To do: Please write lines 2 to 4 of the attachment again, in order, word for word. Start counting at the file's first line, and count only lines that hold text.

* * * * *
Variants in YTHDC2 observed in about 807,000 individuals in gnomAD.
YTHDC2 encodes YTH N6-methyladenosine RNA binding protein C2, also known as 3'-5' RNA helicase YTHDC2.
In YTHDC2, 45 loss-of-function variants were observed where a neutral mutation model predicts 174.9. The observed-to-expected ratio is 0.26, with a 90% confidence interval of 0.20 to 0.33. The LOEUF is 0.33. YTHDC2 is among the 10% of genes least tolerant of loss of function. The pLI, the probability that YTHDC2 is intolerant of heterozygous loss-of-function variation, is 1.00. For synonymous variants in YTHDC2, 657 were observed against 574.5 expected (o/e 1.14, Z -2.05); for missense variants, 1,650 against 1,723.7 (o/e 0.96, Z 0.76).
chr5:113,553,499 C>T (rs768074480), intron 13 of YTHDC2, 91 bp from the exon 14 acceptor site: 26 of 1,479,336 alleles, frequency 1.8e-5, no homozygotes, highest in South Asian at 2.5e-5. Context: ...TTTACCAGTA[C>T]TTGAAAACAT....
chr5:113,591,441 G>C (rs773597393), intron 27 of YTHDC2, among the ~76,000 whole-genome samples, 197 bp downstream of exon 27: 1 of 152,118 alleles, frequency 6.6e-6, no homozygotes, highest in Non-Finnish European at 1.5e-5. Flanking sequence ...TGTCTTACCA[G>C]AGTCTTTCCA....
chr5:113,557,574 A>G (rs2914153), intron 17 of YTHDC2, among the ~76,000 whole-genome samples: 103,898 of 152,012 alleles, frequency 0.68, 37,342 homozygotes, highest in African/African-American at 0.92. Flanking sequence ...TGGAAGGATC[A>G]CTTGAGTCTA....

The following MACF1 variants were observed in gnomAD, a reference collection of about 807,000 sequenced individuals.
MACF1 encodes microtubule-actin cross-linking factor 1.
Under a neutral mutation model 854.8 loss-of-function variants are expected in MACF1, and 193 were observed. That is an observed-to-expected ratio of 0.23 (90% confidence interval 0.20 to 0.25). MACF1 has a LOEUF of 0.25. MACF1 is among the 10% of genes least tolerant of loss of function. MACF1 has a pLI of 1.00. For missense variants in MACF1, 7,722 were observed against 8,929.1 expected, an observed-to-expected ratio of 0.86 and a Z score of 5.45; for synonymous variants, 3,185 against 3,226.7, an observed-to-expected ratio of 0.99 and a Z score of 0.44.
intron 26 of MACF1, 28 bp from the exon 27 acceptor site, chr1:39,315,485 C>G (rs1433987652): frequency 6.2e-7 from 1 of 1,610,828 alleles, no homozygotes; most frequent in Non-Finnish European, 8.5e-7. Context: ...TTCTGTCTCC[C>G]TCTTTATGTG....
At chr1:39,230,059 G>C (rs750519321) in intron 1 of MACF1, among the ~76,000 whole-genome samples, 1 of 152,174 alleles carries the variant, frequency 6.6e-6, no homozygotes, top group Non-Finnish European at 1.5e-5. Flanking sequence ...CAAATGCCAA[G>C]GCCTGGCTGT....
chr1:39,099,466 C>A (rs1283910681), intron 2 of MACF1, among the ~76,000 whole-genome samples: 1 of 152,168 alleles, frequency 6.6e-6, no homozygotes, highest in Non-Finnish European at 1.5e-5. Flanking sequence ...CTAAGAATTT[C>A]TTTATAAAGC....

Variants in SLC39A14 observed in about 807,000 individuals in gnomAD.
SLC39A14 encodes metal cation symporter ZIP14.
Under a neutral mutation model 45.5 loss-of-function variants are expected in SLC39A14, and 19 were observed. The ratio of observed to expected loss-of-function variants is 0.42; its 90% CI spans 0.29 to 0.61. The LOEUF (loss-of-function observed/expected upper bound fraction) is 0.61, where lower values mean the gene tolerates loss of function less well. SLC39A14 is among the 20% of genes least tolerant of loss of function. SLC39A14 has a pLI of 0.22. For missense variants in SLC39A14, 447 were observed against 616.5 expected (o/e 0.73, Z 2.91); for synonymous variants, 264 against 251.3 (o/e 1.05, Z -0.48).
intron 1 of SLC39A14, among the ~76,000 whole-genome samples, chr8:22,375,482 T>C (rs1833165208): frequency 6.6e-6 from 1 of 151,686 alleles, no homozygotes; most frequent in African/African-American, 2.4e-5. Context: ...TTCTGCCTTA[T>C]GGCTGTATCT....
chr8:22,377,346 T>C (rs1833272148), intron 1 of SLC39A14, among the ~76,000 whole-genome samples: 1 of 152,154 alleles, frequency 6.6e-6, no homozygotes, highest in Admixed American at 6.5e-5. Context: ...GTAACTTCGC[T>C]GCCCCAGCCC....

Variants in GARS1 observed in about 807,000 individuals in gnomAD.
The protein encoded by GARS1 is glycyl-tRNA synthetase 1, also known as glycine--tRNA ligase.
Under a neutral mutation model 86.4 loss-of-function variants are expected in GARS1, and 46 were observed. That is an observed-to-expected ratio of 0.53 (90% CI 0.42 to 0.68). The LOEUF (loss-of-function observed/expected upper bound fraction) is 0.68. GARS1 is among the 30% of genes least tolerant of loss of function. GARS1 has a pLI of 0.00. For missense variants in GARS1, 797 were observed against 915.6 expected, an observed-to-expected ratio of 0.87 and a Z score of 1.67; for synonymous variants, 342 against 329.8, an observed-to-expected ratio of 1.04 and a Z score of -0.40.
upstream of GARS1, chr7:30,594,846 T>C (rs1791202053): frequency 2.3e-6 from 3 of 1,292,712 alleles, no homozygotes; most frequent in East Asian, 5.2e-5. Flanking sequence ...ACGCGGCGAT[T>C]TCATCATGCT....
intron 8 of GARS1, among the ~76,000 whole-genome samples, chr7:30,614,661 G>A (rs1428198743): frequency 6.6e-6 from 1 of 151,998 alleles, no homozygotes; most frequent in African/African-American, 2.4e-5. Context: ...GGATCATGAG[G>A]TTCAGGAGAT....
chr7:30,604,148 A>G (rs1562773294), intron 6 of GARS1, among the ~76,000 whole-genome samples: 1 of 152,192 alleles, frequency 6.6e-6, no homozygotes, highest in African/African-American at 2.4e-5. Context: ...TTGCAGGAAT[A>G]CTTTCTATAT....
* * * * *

YTHDC2 encodes YTH N6-methyladenosine RNA binding protein C2, also known as 3'-5' RNA helicase YTHDC2.
In YTHDC2, 45 loss-of-function variants were observed where a neutral mutation model predicts 174.9. The observed-to-expected ratio is 0.26, with a 90% confidence interval of 0.20 to 0.33. The LOEUF is 0.33. YTHDC2 is among the 10% of genes least tolerant of loss of function. The pLI, the probability that YTHDC2 is intolerant of heterozygous loss-of-function variation, is 1.00. For synonymous variants in YTHDC2, 657 were observed against 574.5 expected (o/e 1.14, Z -2.05); for missense variants, 1,650 against 1,723.7 (o/e 0.96, Z 0.76).
chr5:113,553,499 C>T (rs768074480), intron 13 of YTHDC2, 91 bp from the exon 14 acceptor site: 26 of 1,479,336 alleles, frequency 1.8e-5, no homozygotes, highest in South Asian at 2.5e-5. Context: ...TTTACCAGTA[C>T]TTGAAAACAT....